PATRICK ANDERSON has written a first-rate book, a superb roman a clef about Washington, the White House, the men and women around a mildly philandering president -- all in a capital city teeming with ambition, devious maneuvering and a cynical press.
Unfortunately, First Family is not that book. Anderson's last novel, The President's Mistress , was the book I've described. It had everything, including a more-than-passable mystery, some memorable characters and a description of how things really happen in his fictitious Washington that was as good as anything I've read, fact or fiction. The President's Mistress , as a "Washington book," made the works of Allen Drury, for instance, seem as sophisticated (and as literary) as Rebecca of Sunnybrook Farm .
But First Family is -- as the sportscasters say -- something else. With all the talk, and all the rumors (a really classy one had Anderson's wife, Ann, fired from Mrs. Carter's staff because of the book -- untrue, as it turns out), those of us who fancy good trash novels were anticipating something pretty high on the scale; we rate Patrick Anderson as the Dick Francis of policitics.
Alas, even the clef lets us down. There is, to be sure, a Southern-ish (Tennessee) president who parlayed one term in th Senate and an anti-Washington campaign into the White House, and his intelligent, levelheaded but vulnerable wife. There is a broad array of characters from whom readers may select their favorite lookalikes: the smart, if brutal and insensitive, young aide; the idealistic, but weak and time-serving, domestic issues adviser; assorted ladies with loose morals and hearts of good; a few good-old-boy advisors with lurid political and financial pasts, and a collection of reporters, columnists and bureau chiefs. (One columnist with a Slavic name, "the most university disliked... in Washington..., a dour, dark-visaged little man who was often called the Black Prince or the Prince or Darkness..." is further described by Anderson as a man who hates liberals and never molests his sources. He is, of course, wholly fictitious).
But this cast is almost always around in Washington. Anderson's President Painter is frugal, dislikes presidential pomp, and is apparently humorless. Readers are, of course, supposed to think of Jimmy Carter; I found myself conjuring up an image of Calvin Coolidge. Anderson's young aide, a kind of Jordan-Powell-Moore mix, complaining to his president about the Congress and its unresponsiveness, could have just as easily been the Coolidge assistant who complained to his boss that "there are a lot of SOB's in the House, and we ought to do something about it." To that, the memorable presidential reply was, "There are a lot of them in the country, and they're entitled to representation."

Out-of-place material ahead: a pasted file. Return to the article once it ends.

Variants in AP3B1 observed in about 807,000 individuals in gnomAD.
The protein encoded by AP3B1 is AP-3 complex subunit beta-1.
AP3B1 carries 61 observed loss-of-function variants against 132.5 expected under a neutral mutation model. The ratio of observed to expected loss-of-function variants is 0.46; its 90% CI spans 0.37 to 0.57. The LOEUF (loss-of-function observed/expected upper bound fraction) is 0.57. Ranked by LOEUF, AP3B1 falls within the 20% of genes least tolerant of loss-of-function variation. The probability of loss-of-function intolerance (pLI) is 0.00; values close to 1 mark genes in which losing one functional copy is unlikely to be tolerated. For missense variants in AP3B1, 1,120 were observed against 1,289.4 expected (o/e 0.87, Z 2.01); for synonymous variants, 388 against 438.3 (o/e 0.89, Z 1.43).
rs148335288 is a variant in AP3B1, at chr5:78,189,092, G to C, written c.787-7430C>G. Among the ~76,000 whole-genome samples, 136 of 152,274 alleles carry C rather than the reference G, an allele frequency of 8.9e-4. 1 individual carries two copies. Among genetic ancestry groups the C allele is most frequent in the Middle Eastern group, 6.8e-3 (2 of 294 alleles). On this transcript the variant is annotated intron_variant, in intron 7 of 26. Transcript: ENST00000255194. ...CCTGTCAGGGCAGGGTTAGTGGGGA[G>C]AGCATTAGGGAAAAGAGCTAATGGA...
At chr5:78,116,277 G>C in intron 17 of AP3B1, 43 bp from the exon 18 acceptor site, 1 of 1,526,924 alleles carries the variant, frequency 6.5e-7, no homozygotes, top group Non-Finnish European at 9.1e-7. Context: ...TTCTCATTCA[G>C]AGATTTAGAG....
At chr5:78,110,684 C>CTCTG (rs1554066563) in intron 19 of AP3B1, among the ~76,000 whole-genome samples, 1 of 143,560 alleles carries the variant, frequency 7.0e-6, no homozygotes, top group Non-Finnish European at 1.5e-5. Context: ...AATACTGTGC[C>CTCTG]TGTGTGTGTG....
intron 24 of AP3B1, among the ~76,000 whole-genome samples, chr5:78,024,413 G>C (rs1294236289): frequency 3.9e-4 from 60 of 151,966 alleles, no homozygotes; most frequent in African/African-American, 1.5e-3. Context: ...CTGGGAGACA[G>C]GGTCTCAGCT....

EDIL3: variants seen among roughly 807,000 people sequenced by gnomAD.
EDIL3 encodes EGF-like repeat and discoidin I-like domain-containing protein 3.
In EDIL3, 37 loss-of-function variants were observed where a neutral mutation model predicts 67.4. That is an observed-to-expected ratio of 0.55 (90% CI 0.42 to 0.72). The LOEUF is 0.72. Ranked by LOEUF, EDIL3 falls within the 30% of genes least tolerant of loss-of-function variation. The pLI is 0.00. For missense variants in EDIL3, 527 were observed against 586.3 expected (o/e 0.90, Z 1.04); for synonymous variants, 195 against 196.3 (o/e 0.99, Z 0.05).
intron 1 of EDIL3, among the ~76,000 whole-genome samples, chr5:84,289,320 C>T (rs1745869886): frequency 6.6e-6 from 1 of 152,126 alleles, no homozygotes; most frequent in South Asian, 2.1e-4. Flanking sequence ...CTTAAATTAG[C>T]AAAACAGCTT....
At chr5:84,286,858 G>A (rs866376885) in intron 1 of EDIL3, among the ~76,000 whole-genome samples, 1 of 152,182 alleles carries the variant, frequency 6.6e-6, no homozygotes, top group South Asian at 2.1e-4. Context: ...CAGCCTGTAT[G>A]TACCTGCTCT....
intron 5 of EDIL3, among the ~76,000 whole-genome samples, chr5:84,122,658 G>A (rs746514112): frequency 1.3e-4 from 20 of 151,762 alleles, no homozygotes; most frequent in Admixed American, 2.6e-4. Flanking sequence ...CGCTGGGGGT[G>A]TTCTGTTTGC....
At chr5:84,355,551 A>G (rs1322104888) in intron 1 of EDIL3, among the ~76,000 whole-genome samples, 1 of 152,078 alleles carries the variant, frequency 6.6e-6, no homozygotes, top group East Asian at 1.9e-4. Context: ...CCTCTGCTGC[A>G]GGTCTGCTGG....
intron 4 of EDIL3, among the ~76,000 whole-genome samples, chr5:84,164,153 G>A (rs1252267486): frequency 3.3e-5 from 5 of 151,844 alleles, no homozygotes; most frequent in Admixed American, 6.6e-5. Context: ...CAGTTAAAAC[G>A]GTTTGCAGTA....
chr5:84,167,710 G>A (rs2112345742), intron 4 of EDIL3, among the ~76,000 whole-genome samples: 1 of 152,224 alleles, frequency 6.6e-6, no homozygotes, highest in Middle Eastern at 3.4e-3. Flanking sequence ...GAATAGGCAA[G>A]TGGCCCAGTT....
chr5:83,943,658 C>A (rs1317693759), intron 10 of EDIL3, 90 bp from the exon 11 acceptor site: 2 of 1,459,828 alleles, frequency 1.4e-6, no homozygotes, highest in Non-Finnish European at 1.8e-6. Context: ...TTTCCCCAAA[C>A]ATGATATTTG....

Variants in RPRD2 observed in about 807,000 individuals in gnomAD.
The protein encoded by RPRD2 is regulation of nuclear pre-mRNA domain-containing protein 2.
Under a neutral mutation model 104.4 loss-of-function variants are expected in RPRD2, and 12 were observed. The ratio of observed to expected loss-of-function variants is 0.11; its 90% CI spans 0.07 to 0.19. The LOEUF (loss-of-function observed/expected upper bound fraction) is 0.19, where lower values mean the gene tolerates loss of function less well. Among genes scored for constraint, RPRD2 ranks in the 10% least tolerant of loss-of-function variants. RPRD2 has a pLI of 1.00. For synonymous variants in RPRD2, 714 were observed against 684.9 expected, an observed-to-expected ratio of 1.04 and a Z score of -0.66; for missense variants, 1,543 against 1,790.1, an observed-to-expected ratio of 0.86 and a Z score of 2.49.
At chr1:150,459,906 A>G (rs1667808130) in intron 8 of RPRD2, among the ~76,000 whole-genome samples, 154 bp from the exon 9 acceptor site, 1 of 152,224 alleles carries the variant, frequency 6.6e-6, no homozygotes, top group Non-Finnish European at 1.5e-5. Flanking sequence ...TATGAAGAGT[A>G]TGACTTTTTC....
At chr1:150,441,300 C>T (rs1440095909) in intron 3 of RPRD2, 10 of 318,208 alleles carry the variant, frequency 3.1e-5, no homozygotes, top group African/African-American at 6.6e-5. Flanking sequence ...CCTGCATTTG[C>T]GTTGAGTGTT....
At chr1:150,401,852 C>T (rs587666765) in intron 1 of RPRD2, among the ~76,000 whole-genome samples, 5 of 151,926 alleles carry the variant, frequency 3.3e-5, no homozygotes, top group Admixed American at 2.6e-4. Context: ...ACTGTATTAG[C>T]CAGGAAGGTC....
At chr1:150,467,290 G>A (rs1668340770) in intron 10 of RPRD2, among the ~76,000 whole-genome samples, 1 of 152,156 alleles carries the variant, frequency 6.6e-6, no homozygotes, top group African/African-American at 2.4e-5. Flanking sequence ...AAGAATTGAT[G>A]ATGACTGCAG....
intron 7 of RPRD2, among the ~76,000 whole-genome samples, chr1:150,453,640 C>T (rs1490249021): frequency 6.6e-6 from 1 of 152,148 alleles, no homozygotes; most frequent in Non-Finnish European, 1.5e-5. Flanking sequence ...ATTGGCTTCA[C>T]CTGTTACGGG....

Anderson has been in this city since the early days of the Kennedy administration (when he served in the Justice Department). His career has combined writing and politics, and in the 1976 campaign he was he lead speech-writer for candidate Jimmy Carter. He knows campaigns; he knows the Washington press; and he knows the infighting that often characterizes administration. And his ear for Washington speech is awfully good. Halfway through the book, he devotes several pages to a conversation between a reporter-turned-staffer and a veteran correspondent that is worth the price of admission all by itself.
When his ex-reporter explains that he quit the news business because he got tired of interviewing -- every year on the anniversary of her accident -- a woman who still loved her husband, even though he had hired someone to try to kill her, leaving her maimed and scarred,there is hardly a reporter who will not empathize strongly. And when he is then asked, "Why are you people running this country?" and he answers, "All I can tell you is, the son of a bitch was there for the taking," the reader is stunned to recongnize that in more than one administration that may be the best answer of all.
The plot of First Family , however, leaves one wondering, not about Patrick Anderson's Washington experience or his insight into Carter-ish behavior, but whether or not he was too influenced by those early 20th century novels about Christ figures who mysteriously appear, set things straight and then go on their way.
The psychiatrist in First Family restores marriages (including the First) from the shards of misunderstanding and neglect, provides insights into the behavior of villains and the moral strength with which to fight them -- so that all these White House staff folks come out fighting, decent and reunited with their spouses. He seemed to me more like the mysterious roomer of Jerome K. Jerome's play The Passing of the Third Floor Back than any political psychiatrist of fact or fiction.
In this city, nothing comes out neat.